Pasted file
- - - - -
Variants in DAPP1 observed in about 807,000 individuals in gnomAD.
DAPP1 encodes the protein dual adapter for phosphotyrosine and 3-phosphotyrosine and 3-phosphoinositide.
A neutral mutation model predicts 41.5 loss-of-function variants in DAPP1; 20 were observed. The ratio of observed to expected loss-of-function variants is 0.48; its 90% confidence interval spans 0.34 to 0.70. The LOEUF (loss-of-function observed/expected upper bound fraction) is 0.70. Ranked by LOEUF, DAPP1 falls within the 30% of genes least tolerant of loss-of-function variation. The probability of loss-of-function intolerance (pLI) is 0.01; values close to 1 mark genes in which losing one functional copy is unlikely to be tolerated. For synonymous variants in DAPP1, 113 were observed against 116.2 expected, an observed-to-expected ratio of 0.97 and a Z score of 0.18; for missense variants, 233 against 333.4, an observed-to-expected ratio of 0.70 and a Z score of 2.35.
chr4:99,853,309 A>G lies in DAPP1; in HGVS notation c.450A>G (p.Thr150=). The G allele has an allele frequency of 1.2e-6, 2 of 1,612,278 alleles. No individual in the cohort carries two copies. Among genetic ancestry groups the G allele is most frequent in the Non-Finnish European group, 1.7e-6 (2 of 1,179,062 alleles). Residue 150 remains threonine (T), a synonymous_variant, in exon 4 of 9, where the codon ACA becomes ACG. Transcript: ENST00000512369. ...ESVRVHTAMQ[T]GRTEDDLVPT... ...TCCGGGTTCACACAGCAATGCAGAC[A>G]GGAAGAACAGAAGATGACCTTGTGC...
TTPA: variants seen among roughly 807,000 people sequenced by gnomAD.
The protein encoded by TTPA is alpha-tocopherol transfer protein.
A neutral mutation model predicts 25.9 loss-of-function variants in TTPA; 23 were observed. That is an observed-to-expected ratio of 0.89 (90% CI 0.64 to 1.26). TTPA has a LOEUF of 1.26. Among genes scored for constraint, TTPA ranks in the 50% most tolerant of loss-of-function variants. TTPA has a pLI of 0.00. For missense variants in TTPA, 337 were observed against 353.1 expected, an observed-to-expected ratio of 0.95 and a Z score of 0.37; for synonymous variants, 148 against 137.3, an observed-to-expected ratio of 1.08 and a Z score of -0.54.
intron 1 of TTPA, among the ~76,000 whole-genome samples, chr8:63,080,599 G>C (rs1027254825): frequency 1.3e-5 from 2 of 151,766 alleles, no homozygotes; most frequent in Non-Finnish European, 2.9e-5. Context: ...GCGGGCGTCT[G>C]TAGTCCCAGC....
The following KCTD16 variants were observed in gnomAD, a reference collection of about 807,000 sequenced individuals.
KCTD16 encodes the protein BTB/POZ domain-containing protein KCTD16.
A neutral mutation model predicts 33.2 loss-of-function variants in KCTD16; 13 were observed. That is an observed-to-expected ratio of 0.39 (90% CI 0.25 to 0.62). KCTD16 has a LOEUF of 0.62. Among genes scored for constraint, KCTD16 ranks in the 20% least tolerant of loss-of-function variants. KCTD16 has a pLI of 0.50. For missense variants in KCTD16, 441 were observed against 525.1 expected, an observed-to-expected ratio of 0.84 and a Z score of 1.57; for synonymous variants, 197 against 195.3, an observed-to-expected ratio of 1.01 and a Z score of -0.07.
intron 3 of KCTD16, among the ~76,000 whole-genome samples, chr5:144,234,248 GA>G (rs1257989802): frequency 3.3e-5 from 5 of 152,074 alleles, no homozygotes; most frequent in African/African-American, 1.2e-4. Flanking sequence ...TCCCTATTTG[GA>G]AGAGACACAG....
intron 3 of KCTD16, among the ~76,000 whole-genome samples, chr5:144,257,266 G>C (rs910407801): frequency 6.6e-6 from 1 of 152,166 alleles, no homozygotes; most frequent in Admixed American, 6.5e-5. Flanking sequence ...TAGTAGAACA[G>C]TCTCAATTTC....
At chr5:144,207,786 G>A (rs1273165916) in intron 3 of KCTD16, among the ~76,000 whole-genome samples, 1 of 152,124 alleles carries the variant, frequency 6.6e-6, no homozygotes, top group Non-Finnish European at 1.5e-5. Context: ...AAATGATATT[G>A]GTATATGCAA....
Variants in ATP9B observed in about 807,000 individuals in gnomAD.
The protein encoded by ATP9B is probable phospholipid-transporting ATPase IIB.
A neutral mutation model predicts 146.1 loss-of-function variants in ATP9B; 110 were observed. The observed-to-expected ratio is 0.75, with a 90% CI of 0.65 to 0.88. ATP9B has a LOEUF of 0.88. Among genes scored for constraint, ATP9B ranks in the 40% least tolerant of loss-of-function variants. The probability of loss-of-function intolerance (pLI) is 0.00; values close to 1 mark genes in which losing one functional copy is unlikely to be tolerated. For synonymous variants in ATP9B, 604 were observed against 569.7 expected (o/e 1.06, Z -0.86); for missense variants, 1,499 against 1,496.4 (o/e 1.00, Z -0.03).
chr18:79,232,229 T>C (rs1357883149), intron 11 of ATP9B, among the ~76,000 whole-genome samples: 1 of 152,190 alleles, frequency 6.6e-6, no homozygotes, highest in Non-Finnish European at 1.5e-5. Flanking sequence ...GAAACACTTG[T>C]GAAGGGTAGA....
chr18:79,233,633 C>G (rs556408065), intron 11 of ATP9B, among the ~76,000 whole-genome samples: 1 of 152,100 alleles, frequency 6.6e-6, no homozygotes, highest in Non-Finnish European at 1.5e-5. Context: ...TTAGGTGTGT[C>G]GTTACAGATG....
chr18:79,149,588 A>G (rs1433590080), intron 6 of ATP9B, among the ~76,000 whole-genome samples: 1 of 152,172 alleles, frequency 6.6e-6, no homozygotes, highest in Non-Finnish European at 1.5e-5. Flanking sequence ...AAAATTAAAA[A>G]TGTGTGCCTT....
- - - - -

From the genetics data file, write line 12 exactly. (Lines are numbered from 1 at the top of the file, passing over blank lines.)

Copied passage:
intron 3 of KCTD16, among the ~76,000 whole-genome samples, chr5:144,234,248 GA>G (rs1257989802): frequency 3.3e-5 from 5 of 152,074 alleles, no homozygotes; most frequent in African/African-American, 1.2e-4. Flanking sequence ...TCCCTATTTG[GA>G]AGAGACACAG....